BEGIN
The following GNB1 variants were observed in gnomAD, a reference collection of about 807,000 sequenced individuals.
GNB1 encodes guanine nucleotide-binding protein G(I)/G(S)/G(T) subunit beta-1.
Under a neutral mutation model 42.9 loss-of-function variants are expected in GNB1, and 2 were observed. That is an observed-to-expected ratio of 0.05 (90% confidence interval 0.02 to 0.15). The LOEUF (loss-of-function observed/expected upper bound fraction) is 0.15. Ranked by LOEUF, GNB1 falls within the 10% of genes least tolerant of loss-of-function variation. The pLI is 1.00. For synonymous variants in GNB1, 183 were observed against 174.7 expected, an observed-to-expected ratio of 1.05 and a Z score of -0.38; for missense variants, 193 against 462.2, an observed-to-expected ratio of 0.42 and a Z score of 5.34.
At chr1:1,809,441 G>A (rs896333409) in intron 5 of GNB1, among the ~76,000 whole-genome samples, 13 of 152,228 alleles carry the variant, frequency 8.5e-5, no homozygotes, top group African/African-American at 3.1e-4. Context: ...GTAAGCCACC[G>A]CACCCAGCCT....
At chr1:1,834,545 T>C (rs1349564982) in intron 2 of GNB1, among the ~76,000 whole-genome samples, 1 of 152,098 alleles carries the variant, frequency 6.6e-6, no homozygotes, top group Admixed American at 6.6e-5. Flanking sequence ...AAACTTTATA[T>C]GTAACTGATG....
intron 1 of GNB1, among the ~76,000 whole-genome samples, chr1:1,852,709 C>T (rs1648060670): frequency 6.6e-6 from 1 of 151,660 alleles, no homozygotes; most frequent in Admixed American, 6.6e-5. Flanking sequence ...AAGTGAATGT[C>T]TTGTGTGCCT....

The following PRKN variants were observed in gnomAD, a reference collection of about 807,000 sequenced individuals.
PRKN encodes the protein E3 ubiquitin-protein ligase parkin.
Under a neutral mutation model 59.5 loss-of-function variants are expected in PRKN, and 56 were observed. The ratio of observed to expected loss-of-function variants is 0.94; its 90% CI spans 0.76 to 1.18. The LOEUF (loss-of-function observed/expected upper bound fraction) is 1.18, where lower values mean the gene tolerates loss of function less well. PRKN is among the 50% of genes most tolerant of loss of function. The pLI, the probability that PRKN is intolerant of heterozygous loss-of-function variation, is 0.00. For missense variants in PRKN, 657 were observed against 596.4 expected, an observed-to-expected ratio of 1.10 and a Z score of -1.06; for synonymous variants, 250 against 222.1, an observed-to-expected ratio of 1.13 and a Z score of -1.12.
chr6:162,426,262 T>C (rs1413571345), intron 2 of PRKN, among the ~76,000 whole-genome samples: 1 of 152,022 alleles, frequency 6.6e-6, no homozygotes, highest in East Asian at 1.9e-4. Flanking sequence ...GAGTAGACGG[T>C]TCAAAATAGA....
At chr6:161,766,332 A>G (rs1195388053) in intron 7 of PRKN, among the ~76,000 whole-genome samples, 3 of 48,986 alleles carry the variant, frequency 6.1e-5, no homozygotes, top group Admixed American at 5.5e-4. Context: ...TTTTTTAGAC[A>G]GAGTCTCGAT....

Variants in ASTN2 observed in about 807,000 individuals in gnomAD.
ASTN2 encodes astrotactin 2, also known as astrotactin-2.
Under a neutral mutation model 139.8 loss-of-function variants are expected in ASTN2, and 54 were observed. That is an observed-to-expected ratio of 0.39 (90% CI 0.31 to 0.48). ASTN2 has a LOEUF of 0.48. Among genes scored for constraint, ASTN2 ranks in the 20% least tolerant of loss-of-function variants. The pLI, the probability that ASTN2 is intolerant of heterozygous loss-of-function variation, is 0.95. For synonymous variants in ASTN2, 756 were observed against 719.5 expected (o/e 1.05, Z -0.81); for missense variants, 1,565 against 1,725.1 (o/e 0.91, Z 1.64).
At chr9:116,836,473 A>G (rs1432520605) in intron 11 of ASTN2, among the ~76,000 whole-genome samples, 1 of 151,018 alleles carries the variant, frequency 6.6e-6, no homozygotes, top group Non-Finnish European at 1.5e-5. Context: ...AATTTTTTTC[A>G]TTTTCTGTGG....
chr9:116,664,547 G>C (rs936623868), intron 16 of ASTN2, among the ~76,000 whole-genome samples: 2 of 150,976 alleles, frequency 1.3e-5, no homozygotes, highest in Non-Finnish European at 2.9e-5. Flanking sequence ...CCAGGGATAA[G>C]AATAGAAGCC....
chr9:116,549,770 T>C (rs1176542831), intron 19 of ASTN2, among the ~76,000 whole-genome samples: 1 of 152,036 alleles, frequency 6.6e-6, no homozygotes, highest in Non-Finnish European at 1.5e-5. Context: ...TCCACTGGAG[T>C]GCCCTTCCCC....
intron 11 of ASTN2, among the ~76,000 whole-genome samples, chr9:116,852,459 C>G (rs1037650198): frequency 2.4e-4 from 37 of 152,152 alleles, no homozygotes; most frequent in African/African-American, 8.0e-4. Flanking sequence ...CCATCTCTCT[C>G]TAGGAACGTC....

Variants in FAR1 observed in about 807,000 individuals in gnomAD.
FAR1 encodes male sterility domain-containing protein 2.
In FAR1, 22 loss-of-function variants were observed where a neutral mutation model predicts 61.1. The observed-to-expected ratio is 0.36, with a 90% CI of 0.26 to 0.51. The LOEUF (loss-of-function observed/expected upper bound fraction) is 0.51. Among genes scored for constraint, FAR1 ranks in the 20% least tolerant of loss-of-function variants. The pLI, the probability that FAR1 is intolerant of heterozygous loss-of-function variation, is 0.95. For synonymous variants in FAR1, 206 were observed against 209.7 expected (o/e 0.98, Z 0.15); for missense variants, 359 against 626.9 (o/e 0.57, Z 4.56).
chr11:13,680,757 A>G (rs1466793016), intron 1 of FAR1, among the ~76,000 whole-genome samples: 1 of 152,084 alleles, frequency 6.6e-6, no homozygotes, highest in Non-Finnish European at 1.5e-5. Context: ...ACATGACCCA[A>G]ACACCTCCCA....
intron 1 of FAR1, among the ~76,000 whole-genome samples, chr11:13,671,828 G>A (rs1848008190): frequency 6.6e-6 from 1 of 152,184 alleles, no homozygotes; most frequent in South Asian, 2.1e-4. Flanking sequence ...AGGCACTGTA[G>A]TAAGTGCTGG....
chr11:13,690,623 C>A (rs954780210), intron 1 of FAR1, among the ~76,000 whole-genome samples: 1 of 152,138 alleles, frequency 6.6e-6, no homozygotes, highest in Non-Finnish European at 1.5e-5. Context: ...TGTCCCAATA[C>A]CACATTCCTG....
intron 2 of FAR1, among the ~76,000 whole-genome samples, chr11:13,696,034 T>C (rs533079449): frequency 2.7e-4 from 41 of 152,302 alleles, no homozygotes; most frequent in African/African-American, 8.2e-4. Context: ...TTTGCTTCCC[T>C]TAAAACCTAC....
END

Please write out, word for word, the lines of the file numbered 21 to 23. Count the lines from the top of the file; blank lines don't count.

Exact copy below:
In FAR1, 22 loss-of-function variants were observed where a neutral mutation model predicts 61.1. The observed-to-expected ratio is 0.36, with a 90% CI of 0.26 to 0.51. The LOEUF (loss-of-function observed/expected upper bound fraction) is 0.51. Among genes scored for constraint, FAR1 ranks in the 20% least tolerant of loss-of-function variants. The pLI, the probability that FAR1 is intolerant of heterozygous loss-of-function variation, is 0.95. For synonymous variants in FAR1, 206 were observed against 209.7 expected (o/e 0.98, Z 0.15); for missense variants, 359 against 626.9 (o/e 0.57, Z 4.56).
chr11:13,680,757 A>G (rs1466793016), intron 1 of FAR1, among the ~76,000 whole-genome samples: 1 of 152,084 alleles, frequency 6.6e-6, no homozygotes, highest in Non-Finnish European at 1.5e-5. Context: ...ACATGACCCA[A>G]ACACCTCCCA....
intron 1 of FAR1, among the ~76,000 whole-genome samples, chr11:13,671,828 G>A (rs1848008190): frequency 6.6e-6 from 1 of 152,184 alleles, no homozygotes; most frequent in South Asian, 2.1e-4. Flanking sequence ...AGGCACTGTA[G>A]TAAGTGCTGG....